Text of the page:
Michael had certainly come up in the world. I, on the other hand, was still working in a record store -- although this time it was just a day-job while I attempted to develop a market for my writing.

The artist as a young man.
(c. 1934)
(Photo courtesy of Louis Armstrong Archives)

You're probably wondering how Queens College and the City of New York came to own Louis Armstrong's house and belongings. Heck, you're probably stunned to discover that Armstrong lived in a modest little Queens frame house.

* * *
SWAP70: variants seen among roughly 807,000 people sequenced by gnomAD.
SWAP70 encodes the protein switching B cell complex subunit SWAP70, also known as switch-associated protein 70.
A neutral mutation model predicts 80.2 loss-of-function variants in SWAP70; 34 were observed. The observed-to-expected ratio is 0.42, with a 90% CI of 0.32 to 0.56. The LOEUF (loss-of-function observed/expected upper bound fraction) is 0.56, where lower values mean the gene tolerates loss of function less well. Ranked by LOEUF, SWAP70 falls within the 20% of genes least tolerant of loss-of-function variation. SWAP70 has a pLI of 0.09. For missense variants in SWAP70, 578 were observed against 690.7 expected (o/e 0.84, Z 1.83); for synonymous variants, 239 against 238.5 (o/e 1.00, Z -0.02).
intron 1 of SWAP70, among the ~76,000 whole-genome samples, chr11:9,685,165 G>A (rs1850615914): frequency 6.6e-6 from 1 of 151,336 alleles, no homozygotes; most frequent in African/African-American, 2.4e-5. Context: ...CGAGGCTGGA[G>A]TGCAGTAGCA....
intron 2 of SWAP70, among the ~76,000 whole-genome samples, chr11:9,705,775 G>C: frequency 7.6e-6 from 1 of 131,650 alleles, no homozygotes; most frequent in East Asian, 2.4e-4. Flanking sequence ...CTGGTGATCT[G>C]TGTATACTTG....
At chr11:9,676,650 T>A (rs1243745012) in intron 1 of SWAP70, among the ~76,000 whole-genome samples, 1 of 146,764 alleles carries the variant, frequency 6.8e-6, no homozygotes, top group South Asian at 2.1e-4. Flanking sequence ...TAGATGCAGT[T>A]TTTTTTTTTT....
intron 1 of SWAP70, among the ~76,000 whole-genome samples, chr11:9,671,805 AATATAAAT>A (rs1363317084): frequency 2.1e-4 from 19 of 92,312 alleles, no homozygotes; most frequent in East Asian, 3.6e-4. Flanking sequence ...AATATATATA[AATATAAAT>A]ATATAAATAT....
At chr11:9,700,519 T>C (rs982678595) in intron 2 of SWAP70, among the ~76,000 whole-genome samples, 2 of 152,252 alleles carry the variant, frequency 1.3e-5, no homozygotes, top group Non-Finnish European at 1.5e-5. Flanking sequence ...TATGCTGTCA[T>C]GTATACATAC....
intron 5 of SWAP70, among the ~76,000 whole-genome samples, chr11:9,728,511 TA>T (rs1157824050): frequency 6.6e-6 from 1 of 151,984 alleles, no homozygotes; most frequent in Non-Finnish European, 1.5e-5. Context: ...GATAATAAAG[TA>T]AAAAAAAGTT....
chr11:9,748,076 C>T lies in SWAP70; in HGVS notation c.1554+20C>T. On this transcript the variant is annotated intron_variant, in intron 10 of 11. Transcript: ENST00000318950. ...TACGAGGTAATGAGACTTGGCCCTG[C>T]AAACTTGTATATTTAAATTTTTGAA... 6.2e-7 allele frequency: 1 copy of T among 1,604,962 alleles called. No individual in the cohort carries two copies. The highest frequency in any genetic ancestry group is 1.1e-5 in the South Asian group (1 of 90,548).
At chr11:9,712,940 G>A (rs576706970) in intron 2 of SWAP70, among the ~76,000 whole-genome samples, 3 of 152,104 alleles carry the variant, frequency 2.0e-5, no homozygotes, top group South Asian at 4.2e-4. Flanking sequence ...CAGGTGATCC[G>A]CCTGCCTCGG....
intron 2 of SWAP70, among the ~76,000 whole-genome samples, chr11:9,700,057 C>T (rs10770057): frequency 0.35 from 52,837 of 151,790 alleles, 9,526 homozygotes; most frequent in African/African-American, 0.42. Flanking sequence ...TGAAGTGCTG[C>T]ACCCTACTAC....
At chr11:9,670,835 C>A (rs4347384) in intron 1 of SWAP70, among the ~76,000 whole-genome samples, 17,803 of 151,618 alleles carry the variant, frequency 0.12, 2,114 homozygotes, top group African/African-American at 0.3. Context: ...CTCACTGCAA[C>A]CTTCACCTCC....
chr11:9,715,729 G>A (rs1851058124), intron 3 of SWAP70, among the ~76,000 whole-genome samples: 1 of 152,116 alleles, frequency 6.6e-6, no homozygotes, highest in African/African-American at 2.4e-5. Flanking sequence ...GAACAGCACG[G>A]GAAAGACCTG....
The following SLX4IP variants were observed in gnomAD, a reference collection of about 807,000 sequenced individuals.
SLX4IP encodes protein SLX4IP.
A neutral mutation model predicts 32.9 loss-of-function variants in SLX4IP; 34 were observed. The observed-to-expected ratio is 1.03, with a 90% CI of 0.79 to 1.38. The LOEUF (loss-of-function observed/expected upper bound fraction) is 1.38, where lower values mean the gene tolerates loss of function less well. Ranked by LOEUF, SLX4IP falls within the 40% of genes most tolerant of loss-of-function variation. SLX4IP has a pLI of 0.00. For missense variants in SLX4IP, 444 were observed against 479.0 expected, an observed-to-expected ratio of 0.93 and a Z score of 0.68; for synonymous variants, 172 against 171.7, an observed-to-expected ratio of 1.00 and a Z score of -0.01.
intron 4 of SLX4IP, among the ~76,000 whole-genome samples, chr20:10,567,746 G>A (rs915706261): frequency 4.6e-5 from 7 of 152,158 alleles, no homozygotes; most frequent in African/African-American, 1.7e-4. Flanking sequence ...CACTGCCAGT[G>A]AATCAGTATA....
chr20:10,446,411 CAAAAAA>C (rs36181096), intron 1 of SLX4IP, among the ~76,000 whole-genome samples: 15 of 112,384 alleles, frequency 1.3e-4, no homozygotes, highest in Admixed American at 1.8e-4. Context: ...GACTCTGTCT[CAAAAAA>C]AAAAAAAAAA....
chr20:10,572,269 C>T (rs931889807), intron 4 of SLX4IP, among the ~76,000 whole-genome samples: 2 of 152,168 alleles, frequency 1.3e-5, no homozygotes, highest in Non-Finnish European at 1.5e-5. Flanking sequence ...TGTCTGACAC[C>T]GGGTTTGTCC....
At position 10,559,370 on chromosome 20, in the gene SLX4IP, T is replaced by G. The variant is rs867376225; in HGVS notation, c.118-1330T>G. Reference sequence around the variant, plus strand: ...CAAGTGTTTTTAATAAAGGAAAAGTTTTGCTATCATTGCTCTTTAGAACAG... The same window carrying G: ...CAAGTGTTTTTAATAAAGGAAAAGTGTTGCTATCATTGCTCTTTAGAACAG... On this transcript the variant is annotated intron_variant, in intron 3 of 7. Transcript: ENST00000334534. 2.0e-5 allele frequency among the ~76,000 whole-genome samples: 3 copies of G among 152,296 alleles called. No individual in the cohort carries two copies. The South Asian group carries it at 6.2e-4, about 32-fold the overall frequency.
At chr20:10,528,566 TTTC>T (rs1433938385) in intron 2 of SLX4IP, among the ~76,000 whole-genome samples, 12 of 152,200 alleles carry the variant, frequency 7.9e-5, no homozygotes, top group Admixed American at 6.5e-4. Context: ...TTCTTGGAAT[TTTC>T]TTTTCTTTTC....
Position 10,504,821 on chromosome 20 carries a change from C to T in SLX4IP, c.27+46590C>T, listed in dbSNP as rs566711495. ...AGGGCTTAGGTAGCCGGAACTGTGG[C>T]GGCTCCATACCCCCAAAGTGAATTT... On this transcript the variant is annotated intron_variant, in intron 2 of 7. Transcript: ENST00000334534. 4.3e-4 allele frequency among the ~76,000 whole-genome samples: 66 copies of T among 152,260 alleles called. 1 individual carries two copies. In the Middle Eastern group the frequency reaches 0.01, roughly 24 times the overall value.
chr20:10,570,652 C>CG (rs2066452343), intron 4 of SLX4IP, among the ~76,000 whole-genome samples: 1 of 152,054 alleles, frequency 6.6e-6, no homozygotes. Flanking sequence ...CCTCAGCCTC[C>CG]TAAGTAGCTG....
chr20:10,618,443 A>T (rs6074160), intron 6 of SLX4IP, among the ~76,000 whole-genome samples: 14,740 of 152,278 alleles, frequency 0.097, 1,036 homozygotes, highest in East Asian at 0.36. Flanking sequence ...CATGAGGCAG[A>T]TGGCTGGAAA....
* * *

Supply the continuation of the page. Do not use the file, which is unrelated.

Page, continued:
The house was the doing of his fourth wife, Lucille. Armstrong, who had lived a life of spirit-numbing poverty as a boy, was sent to the Colored Waif's Home for Boys at the age of 12, for firing off a pistol celebrating the New Year. It was there that he learned to play the trumpet and, if not from the minute he put the horn to his lips, as Wynton Marsalis brashly proclaimed in Ken Burns' Jazz, then certainly not too long after, he was delighting people with his virtuosity. In 1922, he received King Oliver's summons to join him in Chicago. His success in Oliver's band led to his solo career and his triumphant trip to New York, where he once again stunned everyone with his playing. He had trouble with mobsters in Chicago and New York, who wanted a piece of the popular entertainer, so he toured the country and then Europe -- twice -- before forming a business alliance with Joe Glaser, an aggressive businessman with more juice than the thugs Armstrong originally left town to avoid, and Armstrong was eventually able to return to the Big Apple.